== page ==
Yu W, et al. Expression and Distribution of Transient Receptor Potential (TRP) Channels in Bladder Epithelium. Am J Physiol Renal Physiol. 2011;300(1):F49-59. PubMed PMID: 20943764.
* Article titles in AMA citation format should be in sentence-case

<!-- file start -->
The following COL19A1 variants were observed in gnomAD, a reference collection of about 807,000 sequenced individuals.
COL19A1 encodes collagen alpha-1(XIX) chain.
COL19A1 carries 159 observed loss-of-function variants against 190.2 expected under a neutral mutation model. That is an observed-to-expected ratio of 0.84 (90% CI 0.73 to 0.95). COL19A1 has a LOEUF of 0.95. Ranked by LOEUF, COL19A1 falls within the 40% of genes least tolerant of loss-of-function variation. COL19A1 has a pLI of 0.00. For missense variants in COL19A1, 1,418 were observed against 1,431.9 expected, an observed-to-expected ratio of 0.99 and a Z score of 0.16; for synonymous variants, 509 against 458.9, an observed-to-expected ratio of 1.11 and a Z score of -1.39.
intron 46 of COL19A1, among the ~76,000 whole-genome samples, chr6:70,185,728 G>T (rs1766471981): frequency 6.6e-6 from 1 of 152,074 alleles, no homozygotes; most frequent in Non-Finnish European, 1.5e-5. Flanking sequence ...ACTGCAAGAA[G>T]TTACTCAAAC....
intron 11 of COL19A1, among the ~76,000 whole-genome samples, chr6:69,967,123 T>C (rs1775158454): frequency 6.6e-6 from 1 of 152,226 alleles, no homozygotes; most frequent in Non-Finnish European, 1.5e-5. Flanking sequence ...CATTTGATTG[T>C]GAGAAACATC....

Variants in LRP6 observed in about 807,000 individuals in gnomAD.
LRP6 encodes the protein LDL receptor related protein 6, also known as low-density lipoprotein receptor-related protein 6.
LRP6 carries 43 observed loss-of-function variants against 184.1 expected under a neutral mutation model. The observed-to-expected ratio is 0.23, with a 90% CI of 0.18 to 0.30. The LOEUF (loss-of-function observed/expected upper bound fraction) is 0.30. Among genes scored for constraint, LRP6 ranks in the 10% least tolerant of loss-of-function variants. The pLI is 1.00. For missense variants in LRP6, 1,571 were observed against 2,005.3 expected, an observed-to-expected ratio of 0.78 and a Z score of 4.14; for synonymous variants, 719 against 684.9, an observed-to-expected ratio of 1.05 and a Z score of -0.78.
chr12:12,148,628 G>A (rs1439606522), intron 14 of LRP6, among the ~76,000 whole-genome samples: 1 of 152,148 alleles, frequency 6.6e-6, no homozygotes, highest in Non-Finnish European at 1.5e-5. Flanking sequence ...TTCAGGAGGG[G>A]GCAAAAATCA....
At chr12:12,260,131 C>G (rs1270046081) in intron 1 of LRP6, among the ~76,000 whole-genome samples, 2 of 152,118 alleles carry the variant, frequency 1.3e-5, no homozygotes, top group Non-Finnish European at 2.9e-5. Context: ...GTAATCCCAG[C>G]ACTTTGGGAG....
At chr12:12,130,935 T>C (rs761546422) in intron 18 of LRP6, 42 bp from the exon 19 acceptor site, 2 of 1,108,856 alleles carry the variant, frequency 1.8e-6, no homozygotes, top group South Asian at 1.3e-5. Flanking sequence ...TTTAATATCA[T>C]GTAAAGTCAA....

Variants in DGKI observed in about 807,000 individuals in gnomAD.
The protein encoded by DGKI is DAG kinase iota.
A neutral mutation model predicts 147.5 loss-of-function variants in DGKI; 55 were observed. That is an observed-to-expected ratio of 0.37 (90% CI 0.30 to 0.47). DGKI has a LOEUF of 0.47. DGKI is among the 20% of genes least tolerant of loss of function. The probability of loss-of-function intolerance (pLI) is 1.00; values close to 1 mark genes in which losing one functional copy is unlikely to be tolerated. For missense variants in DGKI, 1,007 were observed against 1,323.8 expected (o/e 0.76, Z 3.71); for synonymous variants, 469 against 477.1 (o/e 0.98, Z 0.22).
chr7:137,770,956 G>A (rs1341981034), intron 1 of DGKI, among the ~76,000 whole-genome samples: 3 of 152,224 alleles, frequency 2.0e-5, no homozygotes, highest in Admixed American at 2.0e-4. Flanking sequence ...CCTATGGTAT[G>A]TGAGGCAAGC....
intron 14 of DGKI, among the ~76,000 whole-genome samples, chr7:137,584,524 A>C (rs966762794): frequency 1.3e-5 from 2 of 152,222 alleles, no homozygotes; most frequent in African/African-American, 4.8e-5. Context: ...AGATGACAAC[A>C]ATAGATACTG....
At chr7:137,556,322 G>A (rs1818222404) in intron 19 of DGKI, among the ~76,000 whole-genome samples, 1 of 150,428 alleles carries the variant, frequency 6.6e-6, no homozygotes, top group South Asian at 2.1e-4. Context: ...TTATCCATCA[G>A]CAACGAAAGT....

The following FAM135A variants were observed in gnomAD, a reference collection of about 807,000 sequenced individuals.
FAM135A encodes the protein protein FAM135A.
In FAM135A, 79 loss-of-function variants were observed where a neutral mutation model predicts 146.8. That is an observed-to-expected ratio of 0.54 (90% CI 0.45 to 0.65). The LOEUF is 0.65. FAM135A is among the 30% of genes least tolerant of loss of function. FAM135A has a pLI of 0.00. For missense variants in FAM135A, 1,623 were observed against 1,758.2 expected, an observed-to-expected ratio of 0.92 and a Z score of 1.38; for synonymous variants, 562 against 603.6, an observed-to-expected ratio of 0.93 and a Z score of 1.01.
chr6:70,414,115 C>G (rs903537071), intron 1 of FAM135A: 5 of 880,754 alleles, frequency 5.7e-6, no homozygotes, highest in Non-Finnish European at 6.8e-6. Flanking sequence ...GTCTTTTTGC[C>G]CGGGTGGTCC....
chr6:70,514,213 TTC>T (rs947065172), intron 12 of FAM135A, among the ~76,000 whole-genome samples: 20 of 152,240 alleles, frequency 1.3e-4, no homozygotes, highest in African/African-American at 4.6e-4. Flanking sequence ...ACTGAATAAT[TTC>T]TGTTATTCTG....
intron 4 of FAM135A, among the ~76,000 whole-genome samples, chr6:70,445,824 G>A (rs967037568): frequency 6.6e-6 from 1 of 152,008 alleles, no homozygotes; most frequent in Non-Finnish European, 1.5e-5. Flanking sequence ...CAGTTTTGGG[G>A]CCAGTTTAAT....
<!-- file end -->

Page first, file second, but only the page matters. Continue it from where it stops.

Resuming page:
TY - JOUR T1 - Expression and distribution of transient receptor potential (TRP) channels in bladder epithelium. AU - Yu,Weiqun, AU - Hill,Warren G, AU - Apodaca,Gerard, AU - Zeidel,Mark L, Y1 - 2010/10/13/ PY - 2010/10/15/entrez PY - 2010/10/15/pubmed PY - 2011/2/10/medline SP - F49 EP - 59 JF - American journal of physiology. Renal physiology JO - Am J Physiol Renal Physiol VL - 300 IS - 1 N2 - The urothelium is proposed to be a sensory tissue that responds to mechanical stress by undergoing dynamic membrane trafficking and neurotransmitter release; however, the molecular basis of this function is poorly understood. Transient receptor potential (TRP) channels are ideal candidates to fulfill such a role as they can sense changes in temperature, osmolarity, and mechanical stimuli, and several are reported to be expressed in the bladder epithelium. However, their complete expression profile is unknown and their cellular localization is largely undefined. We analyzed expression of all 33 TRP family members in mouse bladder and urothelium by RT-PCR and found 22 specifically expressed in the urothelium. Of the latter, 10 were chosen for closer investigation based on their known mechanosensory or membrane trafficking functions in other cell types. Western blots confirmed urothelial expression of TRPC1, TRPC4, TRPV1, TRPV2, TRPV4, TRPM4, TRPM7, TRPML1, and polycystins 1 and 2 (PKD1 and PKD2) proteins. We further defined the cellular and subcellular localization of all 10 TRP channels. TRPV2 and TRPM4 were prominently localized to the umbrella cell apical membrane, while TRPC4 and TRPV4 were identified on their abluminal surfaces. TRPC1, TRPM7, and TRPML1 were localized to the cytoplasm, while PKD1 and PKD2 were expressed on the apical and basolateral membranes of umbrella cells as well as in the cytoplasm. The cellular location of TRPV1 in the bladder has been debated, but colocalization with neuronal marker calcitonin gene-related peptide indicated clearly that it is present on afferent neurons that extend into the urothelium, but may not be expressed by the urothelium itself. These findings are consistent with the hypothesis that the urothelium acts as a sentinel and by expressing multiple TRP channels it is likely it can detect and presumably respond to a diversity of external stimuli and suggest that it plays an important role in urothelial signal transduction. SN - 1522-1466 UR - https://www.unboundmedicine.com/medline/citation/20943764/Expression_and_distribution_of_transient_receptor_potential__TRP__channels_in_bladder_epithelium_ L2 - https://journals.physiology.org/doi/10.1152/ajprenal.00349.2010?url_ver=Z39.88-2003&rfr_id=ori:rid:crossref.org&rfr_dat=cr_pub=pubmed DB - PRIME DP - Unbound Medicine ER -